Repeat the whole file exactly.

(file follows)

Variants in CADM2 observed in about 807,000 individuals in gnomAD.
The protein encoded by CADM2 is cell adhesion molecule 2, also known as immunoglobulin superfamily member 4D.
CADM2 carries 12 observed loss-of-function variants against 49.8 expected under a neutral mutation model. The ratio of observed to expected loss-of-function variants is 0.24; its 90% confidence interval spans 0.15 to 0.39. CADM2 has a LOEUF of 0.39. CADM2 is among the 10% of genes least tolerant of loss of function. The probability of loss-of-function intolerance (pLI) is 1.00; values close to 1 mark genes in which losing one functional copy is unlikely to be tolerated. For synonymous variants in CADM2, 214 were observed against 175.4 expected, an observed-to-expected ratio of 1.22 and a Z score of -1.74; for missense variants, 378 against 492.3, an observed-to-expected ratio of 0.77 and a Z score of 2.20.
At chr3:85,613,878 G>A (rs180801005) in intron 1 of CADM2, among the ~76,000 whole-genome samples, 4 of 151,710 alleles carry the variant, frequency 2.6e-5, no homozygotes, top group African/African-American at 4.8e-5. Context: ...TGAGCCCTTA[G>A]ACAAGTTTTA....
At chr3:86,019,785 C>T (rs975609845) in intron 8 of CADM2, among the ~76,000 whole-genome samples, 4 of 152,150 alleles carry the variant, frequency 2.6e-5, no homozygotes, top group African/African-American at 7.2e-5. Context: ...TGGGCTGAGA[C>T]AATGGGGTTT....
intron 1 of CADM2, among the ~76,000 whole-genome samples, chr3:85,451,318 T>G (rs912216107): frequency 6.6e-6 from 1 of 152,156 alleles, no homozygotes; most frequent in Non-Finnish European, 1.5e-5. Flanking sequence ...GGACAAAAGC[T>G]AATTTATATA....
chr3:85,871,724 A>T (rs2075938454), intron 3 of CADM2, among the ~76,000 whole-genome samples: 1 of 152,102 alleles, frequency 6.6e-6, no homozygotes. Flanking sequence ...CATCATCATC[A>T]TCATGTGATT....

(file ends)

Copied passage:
Variants in CADM2 observed in about 807,000 individuals in gnomAD.
The protein encoded by CADM2 is cell adhesion molecule 2, also known as immunoglobulin superfamily member 4D.
CADM2 carries 12 observed loss-of-function variants against 49.8 expected under a neutral mutation model. The ratio of observed to expected loss-of-function variants is 0.24; its 90% confidence interval spans 0.15 to 0.39. CADM2 has a LOEUF of 0.39. CADM2 is among the 10% of genes least tolerant of loss of function. The probability of loss-of-function intolerance (pLI) is 1.00; values close to 1 mark genes in which losing one functional copy is unlikely to be tolerated. For synonymous variants in CADM2, 214 were observed against 175.4 expected, an observed-to-expected ratio of 1.22 and a Z score of -1.74; for missense variants, 378 against 492.3, an observed-to-expected ratio of 0.77 and a Z score of 2.20.
At chr3:85,613,878 G>A (rs180801005) in intron 1 of CADM2, among the ~76,000 whole-genome samples, 4 of 151,710 alleles carry the variant, frequency 2.6e-5, no homozygotes, top group African/African-American at 4.8e-5. Context: ...TGAGCCCTTA[G>A]ACAAGTTTTA....
At chr3:86,019,785 C>T (rs975609845) in intron 8 of CADM2, among the ~76,000 whole-genome samples, 4 of 152,150 alleles carry the variant, frequency 2.6e-5, no homozygotes, top group African/African-American at 7.2e-5. Context: ...TGGGCTGAGA[C>T]AATGGGGTTT....
intron 1 of CADM2, among the ~76,000 whole-genome samples, chr3:85,451,318 T>G (rs912216107): frequency 6.6e-6 from 1 of 152,156 alleles, no homozygotes; most frequent in Non-Finnish European, 1.5e-5. Flanking sequence ...GGACAAAAGC[T>G]AATTTATATA....
chr3:85,871,724 A>T (rs2075938454), intron 3 of CADM2, among the ~76,000 whole-genome samples: 1 of 152,102 alleles, frequency 6.6e-6, no homozygotes. Flanking sequence ...CATCATCATC[A>T]TCATGTGATT....